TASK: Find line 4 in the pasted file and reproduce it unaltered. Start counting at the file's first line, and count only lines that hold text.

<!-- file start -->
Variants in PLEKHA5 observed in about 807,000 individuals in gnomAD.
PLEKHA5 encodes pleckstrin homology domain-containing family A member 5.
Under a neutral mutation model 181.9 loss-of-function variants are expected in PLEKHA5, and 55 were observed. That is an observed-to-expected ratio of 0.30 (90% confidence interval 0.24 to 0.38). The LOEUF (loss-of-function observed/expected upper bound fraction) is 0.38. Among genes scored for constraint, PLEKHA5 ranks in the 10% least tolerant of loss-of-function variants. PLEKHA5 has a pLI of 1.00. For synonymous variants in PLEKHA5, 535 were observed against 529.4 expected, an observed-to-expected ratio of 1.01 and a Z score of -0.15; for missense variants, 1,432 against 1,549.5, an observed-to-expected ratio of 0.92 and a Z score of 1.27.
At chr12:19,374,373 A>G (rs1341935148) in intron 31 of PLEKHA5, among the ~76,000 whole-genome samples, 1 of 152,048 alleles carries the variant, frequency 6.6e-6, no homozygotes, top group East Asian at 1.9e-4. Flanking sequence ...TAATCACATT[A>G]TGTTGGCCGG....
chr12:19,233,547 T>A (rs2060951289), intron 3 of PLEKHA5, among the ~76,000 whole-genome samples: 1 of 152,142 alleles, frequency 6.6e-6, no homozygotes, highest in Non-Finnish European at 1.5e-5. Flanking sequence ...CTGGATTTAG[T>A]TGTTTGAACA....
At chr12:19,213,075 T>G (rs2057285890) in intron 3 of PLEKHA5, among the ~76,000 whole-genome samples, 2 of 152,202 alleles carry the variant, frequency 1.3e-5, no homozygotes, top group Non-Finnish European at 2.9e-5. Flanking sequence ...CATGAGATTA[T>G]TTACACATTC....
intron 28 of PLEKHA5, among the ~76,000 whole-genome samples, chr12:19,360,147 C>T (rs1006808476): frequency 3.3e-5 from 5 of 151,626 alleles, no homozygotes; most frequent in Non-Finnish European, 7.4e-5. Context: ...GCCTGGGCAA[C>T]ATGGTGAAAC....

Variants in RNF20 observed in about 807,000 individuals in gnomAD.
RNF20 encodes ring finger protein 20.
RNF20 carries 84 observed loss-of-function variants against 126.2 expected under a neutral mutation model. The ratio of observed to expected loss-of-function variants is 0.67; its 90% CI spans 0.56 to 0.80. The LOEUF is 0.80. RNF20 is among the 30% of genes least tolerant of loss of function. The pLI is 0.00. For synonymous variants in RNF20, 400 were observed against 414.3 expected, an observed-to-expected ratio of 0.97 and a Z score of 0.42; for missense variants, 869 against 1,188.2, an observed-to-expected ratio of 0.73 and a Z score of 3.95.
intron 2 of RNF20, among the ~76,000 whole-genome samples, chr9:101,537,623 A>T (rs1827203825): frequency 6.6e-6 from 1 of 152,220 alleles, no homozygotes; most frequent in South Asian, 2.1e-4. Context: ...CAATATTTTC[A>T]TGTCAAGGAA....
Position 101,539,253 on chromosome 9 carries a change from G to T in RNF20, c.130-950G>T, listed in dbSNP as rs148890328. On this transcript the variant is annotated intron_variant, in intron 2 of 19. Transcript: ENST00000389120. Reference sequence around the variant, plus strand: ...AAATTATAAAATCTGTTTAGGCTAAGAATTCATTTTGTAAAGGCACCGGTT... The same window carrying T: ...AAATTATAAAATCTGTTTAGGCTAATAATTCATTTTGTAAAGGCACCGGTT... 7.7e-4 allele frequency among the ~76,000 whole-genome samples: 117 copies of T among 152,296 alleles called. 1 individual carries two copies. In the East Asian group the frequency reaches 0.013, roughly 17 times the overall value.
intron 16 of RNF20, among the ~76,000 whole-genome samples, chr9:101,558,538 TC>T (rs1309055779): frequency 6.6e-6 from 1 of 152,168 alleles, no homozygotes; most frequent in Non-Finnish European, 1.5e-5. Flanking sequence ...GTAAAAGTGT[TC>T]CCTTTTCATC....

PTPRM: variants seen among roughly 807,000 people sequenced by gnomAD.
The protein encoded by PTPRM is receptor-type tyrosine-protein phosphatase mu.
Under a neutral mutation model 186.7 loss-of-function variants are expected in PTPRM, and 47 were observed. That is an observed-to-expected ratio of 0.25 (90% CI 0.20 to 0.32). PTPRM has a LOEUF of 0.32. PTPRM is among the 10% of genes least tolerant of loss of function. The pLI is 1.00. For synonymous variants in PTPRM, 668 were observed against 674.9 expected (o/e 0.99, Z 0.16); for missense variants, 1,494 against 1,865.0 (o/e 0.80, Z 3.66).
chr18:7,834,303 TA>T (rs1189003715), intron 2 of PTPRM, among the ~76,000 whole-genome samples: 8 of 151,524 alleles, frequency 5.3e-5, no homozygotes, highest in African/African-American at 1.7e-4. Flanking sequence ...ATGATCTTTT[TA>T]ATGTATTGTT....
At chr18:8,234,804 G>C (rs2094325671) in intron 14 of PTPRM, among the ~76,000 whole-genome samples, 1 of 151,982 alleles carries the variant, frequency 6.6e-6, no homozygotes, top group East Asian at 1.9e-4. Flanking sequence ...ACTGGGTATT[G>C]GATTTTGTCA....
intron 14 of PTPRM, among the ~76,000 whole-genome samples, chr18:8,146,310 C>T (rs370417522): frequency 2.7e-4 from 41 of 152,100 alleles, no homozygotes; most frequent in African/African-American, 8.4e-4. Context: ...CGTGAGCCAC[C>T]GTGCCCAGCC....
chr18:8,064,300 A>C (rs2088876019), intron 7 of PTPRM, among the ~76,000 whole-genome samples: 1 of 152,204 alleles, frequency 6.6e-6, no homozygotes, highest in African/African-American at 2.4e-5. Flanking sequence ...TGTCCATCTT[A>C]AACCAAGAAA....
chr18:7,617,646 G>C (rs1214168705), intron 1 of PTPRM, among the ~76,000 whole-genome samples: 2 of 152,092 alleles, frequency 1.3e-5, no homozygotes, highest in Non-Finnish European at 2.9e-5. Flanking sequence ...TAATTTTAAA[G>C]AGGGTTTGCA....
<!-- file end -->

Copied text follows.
At chr12:19,374,373 A>G (rs1341935148) in intron 31 of PLEKHA5, among the ~76,000 whole-genome samples, 1 of 152,048 alleles carries the variant, frequency 6.6e-6, no homozygotes, top group East Asian at 1.9e-4. Flanking sequence ...TAATCACATT[A>G]TGTTGGCCGG....